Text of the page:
Cork and Limerick wait menacingly in the wings as Galway set exalted standard

By Peter McNamara

We hear it time and time again, ‘the margins at the top level are so small’.

More often than not, you listen to somebody dole out a cliché like that and raise your eyes to the heavens.

However, it is a true statement all the same and it certainly applies to Cork’s Munster SHC adventure thus far.

Jake Morris pounces on Cork defensive indecision and Tipp deny John Meyler’s side victory in Thurles.

Kyle Hayes pops up in added-time at Páirc Uí Chaoimh on Saturday evening to raise a white flag earning Limerick a deserved point for their exploits.

Small margins. Major implications.

Instead of Cork being essentially guaranteed a place in the provincial final having edged to success in both of those winnable fixtures, Meyler’s men remain in a cauldron of uncertainty with Waterford to come in their final group match.

If we have learned anything from the Leesiders’ last two matches, it is they have more learning to do in terms of how to see out games when they are in the ascendancy.

And that, given the age profile of the squad, is perfectly acceptable. Yet, at times, in all three of the encounters Cork contested against Clare, Tipp and Limerick, they were borderline unplayable.

Therefore, there is much to look forward to this summer and next.

However, the unfortunate fact is there is still plenty of work to do despite the absolute brilliance the team has displayed in each of those three games.

If, say, this panel was another year down the road, certainly from a defensive point of view, it is likely they would have six points on the Munster SHC board as it is.

The experience the group are accruing all of the time would have to lead you to believe there is a rich harvest over the horizon.

Of course, a number of players in the side have been knocking about for a few years now.

Yet, just as many are still shaping their senior inter-county identities.

With that in mind, it bodes well that the words ‘unplayable at times’ can be used while referring to this Cork unit.

The work Kieran Kingston and his management team put in is being developed in menacing fashion by Meyler and his selectors.

In saying that, commentators do have a valid point when they suggest the Rebels come under intense pressure when the opposition focus on closing down Anthony Nash’s restarts.

Cork are understandably nurturing their main gameplan. Yet, they also need to ensure work on Plans B and C are fine-tuned.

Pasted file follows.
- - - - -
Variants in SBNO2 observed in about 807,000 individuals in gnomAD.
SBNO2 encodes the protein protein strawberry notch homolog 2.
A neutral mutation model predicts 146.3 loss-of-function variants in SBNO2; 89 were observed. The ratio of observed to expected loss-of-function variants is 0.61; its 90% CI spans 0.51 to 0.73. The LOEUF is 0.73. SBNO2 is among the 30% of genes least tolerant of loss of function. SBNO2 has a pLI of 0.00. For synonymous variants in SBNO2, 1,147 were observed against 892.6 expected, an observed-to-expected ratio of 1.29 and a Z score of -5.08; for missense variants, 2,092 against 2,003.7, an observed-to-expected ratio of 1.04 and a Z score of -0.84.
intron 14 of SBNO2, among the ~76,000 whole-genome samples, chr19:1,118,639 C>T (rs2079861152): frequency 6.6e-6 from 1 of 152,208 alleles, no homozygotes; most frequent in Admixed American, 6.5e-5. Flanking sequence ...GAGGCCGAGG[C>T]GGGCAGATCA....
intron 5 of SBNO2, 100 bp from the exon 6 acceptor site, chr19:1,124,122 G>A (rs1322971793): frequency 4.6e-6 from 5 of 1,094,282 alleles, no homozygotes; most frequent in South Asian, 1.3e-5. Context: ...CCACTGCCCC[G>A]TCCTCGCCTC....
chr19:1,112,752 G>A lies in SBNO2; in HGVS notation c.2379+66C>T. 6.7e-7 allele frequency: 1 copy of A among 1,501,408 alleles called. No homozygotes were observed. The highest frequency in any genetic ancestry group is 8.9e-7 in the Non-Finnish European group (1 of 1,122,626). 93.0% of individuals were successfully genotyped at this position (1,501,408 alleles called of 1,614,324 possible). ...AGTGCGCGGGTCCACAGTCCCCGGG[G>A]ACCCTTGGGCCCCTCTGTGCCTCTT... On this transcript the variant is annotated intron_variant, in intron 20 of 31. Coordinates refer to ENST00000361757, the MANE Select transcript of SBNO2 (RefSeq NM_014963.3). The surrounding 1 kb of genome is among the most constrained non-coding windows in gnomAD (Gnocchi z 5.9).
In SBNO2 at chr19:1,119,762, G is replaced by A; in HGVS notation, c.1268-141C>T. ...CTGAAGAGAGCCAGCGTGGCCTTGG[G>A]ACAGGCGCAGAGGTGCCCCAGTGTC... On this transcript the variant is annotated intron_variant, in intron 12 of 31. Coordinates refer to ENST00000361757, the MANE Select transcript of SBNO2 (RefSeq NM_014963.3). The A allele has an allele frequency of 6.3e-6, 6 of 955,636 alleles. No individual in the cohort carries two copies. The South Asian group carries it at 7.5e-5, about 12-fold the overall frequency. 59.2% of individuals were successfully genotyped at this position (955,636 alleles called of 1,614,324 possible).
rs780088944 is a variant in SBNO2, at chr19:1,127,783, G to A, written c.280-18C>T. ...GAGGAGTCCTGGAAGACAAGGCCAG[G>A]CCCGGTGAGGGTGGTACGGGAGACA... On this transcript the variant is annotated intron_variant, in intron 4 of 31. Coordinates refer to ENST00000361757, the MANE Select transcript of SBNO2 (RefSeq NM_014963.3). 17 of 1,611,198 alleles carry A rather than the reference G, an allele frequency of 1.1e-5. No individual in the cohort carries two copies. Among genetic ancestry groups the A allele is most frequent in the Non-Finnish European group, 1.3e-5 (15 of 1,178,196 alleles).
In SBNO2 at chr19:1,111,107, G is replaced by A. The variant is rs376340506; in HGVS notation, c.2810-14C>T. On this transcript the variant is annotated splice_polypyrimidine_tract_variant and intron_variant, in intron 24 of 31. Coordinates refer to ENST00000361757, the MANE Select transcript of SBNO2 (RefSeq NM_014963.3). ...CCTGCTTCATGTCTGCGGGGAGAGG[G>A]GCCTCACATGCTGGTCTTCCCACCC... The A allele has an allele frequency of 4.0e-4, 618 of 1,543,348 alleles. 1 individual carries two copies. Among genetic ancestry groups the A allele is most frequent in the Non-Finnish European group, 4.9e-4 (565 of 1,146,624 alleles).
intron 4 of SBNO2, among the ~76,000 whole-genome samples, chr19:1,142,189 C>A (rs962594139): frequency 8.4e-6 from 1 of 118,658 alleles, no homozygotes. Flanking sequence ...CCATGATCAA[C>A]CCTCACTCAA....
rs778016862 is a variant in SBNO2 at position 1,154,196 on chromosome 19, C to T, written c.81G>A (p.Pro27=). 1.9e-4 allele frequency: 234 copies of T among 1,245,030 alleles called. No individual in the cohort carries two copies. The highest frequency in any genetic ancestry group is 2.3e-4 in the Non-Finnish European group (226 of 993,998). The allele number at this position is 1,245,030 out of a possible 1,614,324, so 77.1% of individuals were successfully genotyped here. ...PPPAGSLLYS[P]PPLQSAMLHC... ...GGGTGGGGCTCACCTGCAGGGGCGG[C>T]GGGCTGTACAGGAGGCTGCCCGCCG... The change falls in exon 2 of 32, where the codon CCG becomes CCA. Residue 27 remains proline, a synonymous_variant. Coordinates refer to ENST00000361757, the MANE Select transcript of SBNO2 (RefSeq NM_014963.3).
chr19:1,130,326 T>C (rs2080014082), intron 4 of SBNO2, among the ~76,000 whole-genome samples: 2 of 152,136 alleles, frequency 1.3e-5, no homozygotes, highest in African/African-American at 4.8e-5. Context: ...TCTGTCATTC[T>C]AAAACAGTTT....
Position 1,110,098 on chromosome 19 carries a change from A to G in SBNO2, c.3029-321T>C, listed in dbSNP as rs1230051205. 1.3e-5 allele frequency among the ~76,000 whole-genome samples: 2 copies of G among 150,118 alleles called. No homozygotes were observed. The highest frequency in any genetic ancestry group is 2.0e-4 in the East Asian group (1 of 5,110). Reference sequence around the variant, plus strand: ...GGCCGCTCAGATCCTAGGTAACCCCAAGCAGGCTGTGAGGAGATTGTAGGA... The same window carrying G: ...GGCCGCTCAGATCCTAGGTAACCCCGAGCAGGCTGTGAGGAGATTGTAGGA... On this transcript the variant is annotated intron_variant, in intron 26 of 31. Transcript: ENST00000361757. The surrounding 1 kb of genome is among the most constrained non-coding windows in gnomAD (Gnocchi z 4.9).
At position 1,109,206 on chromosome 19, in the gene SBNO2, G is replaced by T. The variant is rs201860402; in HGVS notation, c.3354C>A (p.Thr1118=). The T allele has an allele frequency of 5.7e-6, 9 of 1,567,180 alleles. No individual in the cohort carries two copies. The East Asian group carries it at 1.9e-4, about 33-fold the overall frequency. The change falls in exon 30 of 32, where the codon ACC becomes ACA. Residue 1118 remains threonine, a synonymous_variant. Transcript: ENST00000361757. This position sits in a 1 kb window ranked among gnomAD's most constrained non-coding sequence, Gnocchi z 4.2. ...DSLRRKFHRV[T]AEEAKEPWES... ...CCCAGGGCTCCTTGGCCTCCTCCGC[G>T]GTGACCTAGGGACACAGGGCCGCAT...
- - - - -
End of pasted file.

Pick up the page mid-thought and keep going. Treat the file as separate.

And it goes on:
Obviously, Meyler and co will have those plans in place, but there was a hint Cork’s structure suffered after Tipp and Limerick pressed up on Nash’s out-field options from his puck-outs.

Meyler, though, like Kingston, is doing a cracking job to date. And it is extremely difficult to not be really encouraged by what we have witnessed in this campaign.

However, it is good that people are appreciating the need for patience as we revel in watching this team evolve.

On the evidence presented in the last number of weeks, it would seem Galway, particularly because of how strong they are defensively, are correctly seen as the most likely side to win the All-Ireland again this year.

After that, I still believe Tipp would be the best-equipped outfit to beat the Tribesmen at this point in time, in a knockout match scenario.

Nevertheless, on potential, you could say both Cork and Limerick are just behind that pairing and are moving in the right direction.

Earlier in the year, I proffered that if John Kiely’s charges finally found a route out of Division 1B that it would fuel their assault on the provincial and All-Ireland series to the degree we would see the best of them.

That is certainly the case and they are, as expected on the back of that promotion, more of a threat than they were perceived to be in previous campaigns.

If there is one team this new format is suiting, it is Limerick, due to the fact Kiely has given a youthful shape to their squad.

The more games they contest, the better they will be and Limerick are definitely in the honours mix.

And what of Waterford? People have credited Derek McGrath for keeping his counsel after Tipp were bizarrely awarded a goal that clearly never was in the Gaelic Grounds.

Indeed, kudos McGrath. However, the Déise supremo also probably realised the umpires and referee were not totally to blame for Waterford failing to win the match.

Waterford were, after all, 11 points in front of the Premier with 16 minutes of regulation-time remaining and, of course, were playing 14 men.

Is there really any excuse for coughing up a lead that great, especially in the circumstances?

Obviously, the ghost ‘goal’ had a major impact on the eventual outcome.

Yet, it would be wrong of people to state that was the only or primary reason Waterford did not go on to clinch the two group points on offer.

Just as Cork should really have seen off Tipp in Semple Stadium given the cushion the Rebels had generated, McGrath’s outfit, having put themselves in an even stronger position for the closing quarter, really have no excuse for not finishing Tipp off when they had the opportunity to do so.

It reminded us of the salient and realistic fact Waterford do not possess the killer instinct required by teams with All-Ireland aspirations. And this has been a long-term problem for them, if people are to be completely honest.

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